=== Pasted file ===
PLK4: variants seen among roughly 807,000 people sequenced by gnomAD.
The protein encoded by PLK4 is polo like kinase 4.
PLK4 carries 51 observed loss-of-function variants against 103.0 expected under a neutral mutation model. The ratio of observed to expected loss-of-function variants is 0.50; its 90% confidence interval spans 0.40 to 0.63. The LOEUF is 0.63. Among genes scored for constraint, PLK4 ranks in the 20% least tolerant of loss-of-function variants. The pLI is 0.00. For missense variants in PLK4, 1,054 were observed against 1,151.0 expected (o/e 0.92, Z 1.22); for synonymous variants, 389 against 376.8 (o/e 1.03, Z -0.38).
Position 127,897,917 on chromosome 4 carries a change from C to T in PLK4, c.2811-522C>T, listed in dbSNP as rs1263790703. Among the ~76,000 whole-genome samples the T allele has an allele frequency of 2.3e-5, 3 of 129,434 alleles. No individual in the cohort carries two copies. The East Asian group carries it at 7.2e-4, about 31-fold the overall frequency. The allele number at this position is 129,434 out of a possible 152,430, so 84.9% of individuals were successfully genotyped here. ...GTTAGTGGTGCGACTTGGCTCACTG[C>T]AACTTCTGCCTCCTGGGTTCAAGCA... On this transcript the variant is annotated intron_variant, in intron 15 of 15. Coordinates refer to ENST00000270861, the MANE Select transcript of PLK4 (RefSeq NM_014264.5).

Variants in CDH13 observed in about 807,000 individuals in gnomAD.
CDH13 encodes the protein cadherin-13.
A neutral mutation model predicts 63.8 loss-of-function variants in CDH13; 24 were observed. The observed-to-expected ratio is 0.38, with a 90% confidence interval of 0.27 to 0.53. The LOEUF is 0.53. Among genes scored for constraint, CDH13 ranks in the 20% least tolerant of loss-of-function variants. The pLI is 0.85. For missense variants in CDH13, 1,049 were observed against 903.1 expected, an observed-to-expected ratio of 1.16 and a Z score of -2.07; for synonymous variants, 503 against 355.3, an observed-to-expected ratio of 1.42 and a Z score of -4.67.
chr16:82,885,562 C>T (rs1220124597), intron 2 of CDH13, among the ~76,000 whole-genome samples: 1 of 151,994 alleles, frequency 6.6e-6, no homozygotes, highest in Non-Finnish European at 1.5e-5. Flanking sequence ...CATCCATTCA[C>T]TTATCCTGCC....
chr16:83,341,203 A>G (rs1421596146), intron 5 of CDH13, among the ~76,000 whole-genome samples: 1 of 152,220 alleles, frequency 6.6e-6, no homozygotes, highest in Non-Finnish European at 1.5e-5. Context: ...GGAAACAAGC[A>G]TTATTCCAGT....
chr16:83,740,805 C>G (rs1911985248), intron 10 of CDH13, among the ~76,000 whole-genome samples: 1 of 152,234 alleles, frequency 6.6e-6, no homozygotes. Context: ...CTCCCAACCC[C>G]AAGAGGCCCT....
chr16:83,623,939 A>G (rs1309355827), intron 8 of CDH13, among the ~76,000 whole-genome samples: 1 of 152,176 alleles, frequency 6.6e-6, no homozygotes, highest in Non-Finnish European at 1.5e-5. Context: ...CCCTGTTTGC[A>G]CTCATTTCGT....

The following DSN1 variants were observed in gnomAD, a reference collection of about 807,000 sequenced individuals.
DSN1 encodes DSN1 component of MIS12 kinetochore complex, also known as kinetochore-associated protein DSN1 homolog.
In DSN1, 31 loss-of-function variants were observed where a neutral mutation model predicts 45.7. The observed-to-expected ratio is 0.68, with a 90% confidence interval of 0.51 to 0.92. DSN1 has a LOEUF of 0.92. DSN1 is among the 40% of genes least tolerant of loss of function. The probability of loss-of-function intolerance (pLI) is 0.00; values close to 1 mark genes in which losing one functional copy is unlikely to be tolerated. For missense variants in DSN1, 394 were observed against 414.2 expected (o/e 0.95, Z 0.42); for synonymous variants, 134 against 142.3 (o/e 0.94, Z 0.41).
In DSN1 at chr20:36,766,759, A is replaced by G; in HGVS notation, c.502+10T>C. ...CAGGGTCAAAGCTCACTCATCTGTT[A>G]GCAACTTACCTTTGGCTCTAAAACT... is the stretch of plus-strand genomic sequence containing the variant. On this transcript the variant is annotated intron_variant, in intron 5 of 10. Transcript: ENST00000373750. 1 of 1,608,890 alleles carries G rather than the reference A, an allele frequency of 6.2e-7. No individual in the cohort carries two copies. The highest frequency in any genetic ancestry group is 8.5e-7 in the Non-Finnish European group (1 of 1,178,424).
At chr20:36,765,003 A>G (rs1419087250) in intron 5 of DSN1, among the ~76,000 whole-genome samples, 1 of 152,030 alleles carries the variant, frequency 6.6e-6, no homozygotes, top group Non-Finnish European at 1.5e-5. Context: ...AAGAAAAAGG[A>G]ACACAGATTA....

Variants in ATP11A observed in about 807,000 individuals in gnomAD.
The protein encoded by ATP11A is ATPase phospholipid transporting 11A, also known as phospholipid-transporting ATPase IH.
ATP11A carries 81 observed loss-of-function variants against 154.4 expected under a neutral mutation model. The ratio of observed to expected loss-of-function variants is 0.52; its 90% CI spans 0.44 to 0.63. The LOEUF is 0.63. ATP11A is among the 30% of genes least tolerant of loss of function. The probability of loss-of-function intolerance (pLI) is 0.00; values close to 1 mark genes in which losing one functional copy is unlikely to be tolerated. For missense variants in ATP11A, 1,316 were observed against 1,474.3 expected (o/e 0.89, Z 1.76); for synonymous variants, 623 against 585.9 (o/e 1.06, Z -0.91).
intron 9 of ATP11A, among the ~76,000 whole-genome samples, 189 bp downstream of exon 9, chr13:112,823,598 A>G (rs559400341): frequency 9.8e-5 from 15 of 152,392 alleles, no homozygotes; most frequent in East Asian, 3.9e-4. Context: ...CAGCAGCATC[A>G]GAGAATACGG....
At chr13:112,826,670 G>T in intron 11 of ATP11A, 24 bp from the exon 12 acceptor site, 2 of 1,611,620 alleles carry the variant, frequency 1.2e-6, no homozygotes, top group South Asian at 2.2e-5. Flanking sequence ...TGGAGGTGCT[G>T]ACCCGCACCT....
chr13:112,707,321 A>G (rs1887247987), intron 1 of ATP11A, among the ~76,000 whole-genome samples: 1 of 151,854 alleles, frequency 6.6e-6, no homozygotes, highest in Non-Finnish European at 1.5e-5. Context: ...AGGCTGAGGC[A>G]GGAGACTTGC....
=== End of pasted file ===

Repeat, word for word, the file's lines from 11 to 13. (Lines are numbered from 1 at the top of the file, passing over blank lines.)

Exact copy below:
chr16:83,623,939 A>G (rs1309355827), intron 8 of CDH13, among the ~76,000 whole-genome samples: 1 of 152,176 alleles, frequency 6.6e-6, no homozygotes, highest in Non-Finnish European at 1.5e-5. Context: ...CCCTGTTTGC[A>G]CTCATTTCGT....

The following DSN1 variants were observed in gnomAD, a reference collection of about 807,000 sequenced individuals.
DSN1 encodes DSN1 component of MIS12 kinetochore complex, also known as kinetochore-associated protein DSN1 homolog.